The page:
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Title: Tracks versus wheels in soft soil and snow
Authors: Freitag, Dean R.
Janosi, Zoltan J.
Keywords: Trafficability
Tracklaying vehicles
Publisher: U.S. Army Engineer Waterways Experiment Station.
Engineer Research and Development Center (U.S.)
Series/Report no.: Miscellaneous paper;4-651
Abstract: Summary: Each time a new vehicle is proposed the choice of running gear can only be made after a careful consideration of factors such as mission, initial cost, suspension vulnerability, obstacle performance, ridability, fuel economy, reliability maintenance cost, and soft-soil performance. Of these several factors the most influential one dictating the use of tracks over wheels is that of soft-soil performance. A detailed examination of the latter aspect reveals that most wheeled vehicles used at the present time have less mobility than tracked vehicles of the same weight. If the mobility of either type of vehicles is to be improved, designs having contact pressure as low as possible must be developed. As far as wheeled vehicles are concerned, this can be achieved by increasing the number of wheels or by increasing the size of the tires, or by a combination thereof. The analysis seems to indicate that it is more effective to increase the tire size than the number of wheels. The analysis also indicates that the smaller tire sizes are not capable of providing extremely good mobility for heavy wheeled vehicles. While light vehicles could be equipped with available tires that would make them competitive with tracks on soft ground, the analysis indicates that the tracked vehicles have higher pull/weight ratios on firm soil.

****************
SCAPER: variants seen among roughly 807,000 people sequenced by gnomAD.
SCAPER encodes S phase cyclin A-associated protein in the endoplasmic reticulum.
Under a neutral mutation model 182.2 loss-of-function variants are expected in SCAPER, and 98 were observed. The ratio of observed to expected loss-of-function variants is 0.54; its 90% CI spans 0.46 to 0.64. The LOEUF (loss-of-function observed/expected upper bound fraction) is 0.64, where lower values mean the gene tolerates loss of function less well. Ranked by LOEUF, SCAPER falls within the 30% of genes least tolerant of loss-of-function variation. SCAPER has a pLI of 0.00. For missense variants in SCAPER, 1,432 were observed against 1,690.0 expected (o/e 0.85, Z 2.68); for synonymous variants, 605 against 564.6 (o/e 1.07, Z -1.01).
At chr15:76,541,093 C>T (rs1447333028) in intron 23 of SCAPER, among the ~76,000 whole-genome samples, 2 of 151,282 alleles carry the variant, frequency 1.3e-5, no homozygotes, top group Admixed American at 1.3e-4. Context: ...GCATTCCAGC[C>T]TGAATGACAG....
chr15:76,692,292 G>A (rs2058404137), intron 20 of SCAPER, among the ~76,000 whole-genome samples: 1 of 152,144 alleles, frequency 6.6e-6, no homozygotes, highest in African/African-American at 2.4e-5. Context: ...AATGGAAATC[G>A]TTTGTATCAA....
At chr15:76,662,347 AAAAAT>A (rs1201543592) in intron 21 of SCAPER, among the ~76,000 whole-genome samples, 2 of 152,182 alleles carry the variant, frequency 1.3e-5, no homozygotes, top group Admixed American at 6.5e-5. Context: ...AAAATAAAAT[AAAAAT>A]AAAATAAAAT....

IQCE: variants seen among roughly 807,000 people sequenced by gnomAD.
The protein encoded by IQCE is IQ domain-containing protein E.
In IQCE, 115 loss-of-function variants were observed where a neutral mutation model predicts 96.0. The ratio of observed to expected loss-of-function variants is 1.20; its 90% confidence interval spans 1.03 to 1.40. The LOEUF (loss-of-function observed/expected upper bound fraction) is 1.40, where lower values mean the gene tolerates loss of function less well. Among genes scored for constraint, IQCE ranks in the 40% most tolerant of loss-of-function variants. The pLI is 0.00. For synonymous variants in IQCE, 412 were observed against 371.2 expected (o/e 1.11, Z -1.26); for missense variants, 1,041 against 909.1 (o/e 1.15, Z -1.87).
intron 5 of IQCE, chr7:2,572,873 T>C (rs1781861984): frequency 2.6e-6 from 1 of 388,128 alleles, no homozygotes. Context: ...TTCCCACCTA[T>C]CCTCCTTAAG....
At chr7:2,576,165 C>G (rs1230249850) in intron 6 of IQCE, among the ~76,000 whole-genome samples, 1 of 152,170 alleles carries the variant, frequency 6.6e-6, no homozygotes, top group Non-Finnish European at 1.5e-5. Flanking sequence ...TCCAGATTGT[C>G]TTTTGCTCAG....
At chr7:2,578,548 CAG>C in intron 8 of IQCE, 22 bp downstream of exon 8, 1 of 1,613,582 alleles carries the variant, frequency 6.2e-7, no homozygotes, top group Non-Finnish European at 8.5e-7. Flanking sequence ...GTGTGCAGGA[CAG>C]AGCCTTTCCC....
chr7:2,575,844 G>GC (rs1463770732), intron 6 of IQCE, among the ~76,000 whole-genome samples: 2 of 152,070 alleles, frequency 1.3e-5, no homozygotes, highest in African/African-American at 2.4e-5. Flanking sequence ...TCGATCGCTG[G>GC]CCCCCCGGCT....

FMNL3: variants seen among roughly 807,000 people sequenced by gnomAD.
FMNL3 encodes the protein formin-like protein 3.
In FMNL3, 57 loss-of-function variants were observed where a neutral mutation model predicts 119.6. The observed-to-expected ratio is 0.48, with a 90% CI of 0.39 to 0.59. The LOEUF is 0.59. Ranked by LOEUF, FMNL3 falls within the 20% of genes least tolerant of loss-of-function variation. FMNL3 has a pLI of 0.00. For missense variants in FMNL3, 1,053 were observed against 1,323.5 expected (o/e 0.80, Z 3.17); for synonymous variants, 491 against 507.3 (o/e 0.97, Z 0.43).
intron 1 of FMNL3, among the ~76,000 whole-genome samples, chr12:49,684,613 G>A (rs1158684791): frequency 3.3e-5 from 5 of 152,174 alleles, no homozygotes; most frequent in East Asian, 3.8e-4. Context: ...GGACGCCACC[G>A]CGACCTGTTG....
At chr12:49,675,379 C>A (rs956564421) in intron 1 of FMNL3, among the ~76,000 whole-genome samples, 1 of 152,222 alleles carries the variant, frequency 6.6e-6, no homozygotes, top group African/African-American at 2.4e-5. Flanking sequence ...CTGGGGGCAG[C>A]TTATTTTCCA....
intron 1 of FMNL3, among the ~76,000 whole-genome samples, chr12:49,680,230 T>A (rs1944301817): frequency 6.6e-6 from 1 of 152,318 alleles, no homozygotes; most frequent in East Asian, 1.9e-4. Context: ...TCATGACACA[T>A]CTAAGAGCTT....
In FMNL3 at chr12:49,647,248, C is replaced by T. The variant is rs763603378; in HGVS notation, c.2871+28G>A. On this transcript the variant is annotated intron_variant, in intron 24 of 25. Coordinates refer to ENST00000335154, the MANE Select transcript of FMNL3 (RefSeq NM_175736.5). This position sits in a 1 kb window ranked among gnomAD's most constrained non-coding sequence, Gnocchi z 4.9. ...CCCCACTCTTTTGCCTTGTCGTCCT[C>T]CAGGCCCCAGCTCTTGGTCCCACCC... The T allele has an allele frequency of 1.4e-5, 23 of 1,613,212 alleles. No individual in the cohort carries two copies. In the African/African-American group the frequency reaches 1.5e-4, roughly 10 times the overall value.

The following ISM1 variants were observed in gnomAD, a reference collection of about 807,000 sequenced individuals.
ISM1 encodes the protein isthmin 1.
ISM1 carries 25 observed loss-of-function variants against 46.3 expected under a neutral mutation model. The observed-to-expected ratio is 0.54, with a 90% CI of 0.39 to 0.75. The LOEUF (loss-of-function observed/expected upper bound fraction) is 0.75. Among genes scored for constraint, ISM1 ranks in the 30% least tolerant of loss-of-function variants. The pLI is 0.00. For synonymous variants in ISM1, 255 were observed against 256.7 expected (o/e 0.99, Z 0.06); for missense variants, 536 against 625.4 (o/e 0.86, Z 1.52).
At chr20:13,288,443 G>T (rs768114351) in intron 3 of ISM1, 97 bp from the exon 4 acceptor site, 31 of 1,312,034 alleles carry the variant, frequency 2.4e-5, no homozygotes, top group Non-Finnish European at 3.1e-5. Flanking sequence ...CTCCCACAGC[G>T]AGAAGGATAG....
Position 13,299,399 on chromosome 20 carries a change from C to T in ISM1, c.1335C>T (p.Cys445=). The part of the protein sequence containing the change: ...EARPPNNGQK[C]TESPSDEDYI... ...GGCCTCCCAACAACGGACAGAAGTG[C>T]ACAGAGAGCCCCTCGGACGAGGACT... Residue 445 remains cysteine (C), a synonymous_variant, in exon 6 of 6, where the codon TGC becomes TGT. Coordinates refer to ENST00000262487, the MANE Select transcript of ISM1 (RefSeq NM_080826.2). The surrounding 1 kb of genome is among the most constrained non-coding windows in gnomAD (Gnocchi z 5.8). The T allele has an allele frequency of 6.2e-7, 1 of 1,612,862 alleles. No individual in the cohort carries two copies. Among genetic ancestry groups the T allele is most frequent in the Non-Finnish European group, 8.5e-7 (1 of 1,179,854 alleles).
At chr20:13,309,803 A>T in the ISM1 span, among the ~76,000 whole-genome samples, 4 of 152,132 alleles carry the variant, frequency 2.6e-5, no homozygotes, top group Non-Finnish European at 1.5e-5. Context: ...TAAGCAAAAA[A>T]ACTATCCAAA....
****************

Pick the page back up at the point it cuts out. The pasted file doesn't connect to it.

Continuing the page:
Description: Miscellaneous paper
Rights: Approved for public release; distribution is unlimited.
Appears in Collections:Miscellaneous Paper

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